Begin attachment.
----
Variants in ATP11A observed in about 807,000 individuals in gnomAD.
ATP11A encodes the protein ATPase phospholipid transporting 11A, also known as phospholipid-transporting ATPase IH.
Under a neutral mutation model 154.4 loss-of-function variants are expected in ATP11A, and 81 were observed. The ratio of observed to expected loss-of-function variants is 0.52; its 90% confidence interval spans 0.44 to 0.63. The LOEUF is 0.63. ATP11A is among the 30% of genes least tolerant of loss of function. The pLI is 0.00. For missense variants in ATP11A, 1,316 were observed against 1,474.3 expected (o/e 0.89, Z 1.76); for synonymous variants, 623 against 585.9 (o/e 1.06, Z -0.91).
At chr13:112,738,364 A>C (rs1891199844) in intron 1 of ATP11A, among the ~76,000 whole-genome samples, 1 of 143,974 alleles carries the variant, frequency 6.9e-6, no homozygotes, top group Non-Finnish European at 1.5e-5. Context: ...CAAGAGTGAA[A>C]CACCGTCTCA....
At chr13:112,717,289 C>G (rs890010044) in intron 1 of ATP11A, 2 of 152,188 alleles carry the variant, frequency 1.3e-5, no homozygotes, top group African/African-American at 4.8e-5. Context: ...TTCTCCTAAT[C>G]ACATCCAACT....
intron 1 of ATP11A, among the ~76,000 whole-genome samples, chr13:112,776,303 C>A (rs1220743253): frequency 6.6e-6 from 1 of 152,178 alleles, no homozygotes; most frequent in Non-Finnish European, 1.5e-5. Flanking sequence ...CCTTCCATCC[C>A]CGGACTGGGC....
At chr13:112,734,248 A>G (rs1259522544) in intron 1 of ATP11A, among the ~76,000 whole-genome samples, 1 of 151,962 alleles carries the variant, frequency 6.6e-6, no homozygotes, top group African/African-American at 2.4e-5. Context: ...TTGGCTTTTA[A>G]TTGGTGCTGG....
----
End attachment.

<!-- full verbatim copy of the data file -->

Variants in ATP11A observed in about 807,000 individuals in gnomAD.
ATP11A encodes the protein ATPase phospholipid transporting 11A, also known as phospholipid-transporting ATPase IH.
Under a neutral mutation model 154.4 loss-of-function variants are expected in ATP11A, and 81 were observed. The ratio of observed to expected loss-of-function variants is 0.52; its 90% confidence interval spans 0.44 to 0.63. The LOEUF is 0.63. ATP11A is among the 30% of genes least tolerant of loss of function. The pLI is 0.00. For missense variants in ATP11A, 1,316 were observed against 1,474.3 expected (o/e 0.89, Z 1.76); for synonymous variants, 623 against 585.9 (o/e 1.06, Z -0.91).
At chr13:112,738,364 A>C (rs1891199844) in intron 1 of ATP11A, among the ~76,000 whole-genome samples, 1 of 143,974 alleles carries the variant, frequency 6.9e-6, no homozygotes, top group Non-Finnish European at 1.5e-5. Context: ...CAAGAGTGAA[A>C]CACCGTCTCA....
At chr13:112,717,289 C>G (rs890010044) in intron 1 of ATP11A, 2 of 152,188 alleles carry the variant, frequency 1.3e-5, no homozygotes, top group African/African-American at 4.8e-5. Context: ...TTCTCCTAAT[C>G]ACATCCAACT....
intron 1 of ATP11A, among the ~76,000 whole-genome samples, chr13:112,776,303 C>A (rs1220743253): frequency 6.6e-6 from 1 of 152,178 alleles, no homozygotes; most frequent in Non-Finnish European, 1.5e-5. Flanking sequence ...CCTTCCATCC[C>A]CGGACTGGGC....
At chr13:112,734,248 A>G (rs1259522544) in intron 1 of ATP11A, among the ~76,000 whole-genome samples, 1 of 151,962 alleles carries the variant, frequency 6.6e-6, no homozygotes, top group African/African-American at 2.4e-5. Context: ...TTGGCTTTTA[A>G]TTGGTGCTGG....